The mother of a man fatally shot by a San Francisco police officer earlier this month has hired prominent civil rights attorney John Burris, who said he will investigate the man’s “improper and wrong” death.
Burris’ involvement — which he described as an “investigation” pending a possible lawsuit — may be the first step in finding answers for a community startled and angered by the killing of a man suspected in a carjacking, but who the community asserts did not deserve to die.
“Unless someone is breaking into the car with a gun or a crowbar, your life is not in danger,” Burris told the San Francisco Examiner on Friday. “It does not justify the use of deadly force.”
Keita O’Neil, 42, was shot Dec. 1 by an officer who had been on the job for only four days, according to the San Francisco Police Department. O’Neil was shot after he allegedly stole a California State Lottery truck and was pursued by officers into the Bayview District.
Body camera footage released by the SFPD at a town hall meeting Thursday night shows two officers in a patrol car chase the truck O’Neil drove to the area of Fitzgerald Avenue and Griffith Street.
According to an account of the incident by police, O’Neil allegedly exited the van while it was still running. As the van rolled down a hill, O’Neil ran toward the patrol car.
That’s when the officer sitting in the passenger’s seat shot him.
The officer’s name has not been released.
Police described O’Neil as running toward “the direction of the marked SFPD vehicle while the van he drove continued to roll forward, striking a fence” before the officer fired their weapon.
The officer’s gun fired through the patrol car passenger window while the officer was seated. Burris told the Examiner that he is most concerned that no weapon has been found at the scene of O’Neil’s death.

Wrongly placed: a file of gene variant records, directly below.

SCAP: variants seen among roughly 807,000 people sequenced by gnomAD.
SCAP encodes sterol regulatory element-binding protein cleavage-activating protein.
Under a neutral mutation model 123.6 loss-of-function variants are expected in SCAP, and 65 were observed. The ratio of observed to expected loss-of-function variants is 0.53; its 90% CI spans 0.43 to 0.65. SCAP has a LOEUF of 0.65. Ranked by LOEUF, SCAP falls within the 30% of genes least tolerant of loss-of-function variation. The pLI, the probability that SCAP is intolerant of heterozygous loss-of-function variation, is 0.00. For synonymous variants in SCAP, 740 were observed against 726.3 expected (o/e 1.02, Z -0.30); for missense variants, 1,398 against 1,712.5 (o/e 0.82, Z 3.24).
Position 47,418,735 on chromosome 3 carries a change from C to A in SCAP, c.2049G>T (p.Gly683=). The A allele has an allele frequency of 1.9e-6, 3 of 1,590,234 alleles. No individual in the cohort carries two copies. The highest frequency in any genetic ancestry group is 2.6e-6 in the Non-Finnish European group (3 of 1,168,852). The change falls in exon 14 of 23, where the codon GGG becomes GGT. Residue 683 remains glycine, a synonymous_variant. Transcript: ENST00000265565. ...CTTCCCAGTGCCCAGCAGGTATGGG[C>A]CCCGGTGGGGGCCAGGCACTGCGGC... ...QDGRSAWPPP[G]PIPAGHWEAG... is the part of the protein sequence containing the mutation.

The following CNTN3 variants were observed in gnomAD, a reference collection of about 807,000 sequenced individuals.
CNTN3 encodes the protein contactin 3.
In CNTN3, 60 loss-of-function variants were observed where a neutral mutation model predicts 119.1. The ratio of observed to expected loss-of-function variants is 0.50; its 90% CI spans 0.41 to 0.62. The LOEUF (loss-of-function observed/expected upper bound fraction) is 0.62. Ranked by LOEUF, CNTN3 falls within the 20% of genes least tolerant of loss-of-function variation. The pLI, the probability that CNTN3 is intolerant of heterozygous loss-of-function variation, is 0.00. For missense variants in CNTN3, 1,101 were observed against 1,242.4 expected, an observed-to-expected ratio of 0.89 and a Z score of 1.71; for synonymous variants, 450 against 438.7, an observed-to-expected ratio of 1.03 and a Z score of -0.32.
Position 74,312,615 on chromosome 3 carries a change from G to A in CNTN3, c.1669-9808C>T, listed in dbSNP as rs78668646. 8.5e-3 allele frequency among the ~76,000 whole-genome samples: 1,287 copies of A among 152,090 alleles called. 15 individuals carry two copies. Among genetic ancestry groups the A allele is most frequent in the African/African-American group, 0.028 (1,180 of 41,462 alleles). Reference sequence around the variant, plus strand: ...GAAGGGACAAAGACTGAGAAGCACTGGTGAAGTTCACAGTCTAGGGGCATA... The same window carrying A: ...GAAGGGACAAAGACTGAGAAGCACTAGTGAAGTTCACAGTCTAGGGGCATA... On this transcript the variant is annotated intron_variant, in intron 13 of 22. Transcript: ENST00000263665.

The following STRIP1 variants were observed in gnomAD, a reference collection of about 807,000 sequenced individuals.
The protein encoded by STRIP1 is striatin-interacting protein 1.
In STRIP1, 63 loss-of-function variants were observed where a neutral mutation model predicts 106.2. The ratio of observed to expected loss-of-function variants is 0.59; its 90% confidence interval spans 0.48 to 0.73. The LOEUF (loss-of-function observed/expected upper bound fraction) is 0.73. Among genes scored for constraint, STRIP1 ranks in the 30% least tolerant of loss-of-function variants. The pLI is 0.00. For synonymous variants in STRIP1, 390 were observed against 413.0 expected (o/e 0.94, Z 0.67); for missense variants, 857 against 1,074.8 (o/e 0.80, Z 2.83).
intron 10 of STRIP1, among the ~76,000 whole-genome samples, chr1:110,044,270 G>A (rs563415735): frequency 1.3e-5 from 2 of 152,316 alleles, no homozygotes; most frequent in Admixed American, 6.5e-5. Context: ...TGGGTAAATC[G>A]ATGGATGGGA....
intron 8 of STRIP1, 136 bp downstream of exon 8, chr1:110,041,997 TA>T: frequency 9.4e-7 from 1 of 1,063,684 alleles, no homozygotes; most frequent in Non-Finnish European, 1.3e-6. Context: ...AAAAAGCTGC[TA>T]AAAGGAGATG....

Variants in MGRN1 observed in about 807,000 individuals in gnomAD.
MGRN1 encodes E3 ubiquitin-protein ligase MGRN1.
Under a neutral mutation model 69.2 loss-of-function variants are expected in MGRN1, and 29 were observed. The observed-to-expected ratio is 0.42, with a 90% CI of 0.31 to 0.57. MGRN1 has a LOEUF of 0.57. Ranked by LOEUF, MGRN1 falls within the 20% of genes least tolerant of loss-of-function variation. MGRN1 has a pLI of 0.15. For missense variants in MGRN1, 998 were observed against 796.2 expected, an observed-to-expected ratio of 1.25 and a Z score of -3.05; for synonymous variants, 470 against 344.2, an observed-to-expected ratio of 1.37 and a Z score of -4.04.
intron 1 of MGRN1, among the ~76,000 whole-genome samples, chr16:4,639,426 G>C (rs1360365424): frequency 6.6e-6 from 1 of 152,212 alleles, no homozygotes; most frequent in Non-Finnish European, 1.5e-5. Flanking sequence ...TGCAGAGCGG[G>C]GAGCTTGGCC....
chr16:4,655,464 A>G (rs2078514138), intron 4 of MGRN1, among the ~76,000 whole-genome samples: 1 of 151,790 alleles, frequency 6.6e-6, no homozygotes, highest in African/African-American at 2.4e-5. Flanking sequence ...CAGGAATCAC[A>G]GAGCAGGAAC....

“It caught my attention” because the situation “struck me as improper and wrong,” Burris said. “If the person is running ostensibly by you, it doesn’t give you the right to kill this person.”
Burris is well-known for his role in prosecuting police misconduct cases, including the infamous Oakland “Riders” case, in which four Oakland police officers were accused of brutalizing 119 people, according to news reports. The city of Oakland ultimately settled.
On Friday, Burris viewed O’Neil’s body at a funeral home, an early step in his investigation.
“[O’Neil sustained] one gunshot wound right below the right clavicle, midsection,” he said. There was “no exit [wound].”
Burris said he saw one scrape on the back of O’Neil’s head.
Witnesses at the scene of O’Neil’s death exclusively told the Examiner they saw him on the ground face down, in what appeared to be a pool of his own blood. Those witnesses said police officers then turned the body over onto his back and tried to administer CPR.
Burris, who was aware of this statement, said, “I can’t tell if he fell backwards or not” from the wounds on O’Neil’s body.
The civil rights attorney also visited O’Neil’s mother, who lives in the Bayview.
“She is not well. She’s bedridden,” Burris said, noting he is unaware if O’Neil had siblings. Burris described O’Neil’s mother’s state as “emotional, very emotional, sad. Very much sad. [In] disbelief, but acknowledging.”
At Thursday’s town hall meeting, Police Chief Bill Scott expressed his condolences to O’Neil’s family.
“Before we go any further, I’d like to give my condolences to the family,” Scott said. Though Scott and Capt. Valerie Matthews described the incident in detail, they did not comment on whether O’Neil’s death was justified by the officer, citing an ongoing investigation.
Despite all assurances, Burris said that O’Neil’s mother has an iron-clad opinion of the SFPD.
“[She] certainly believes they murdered her son.”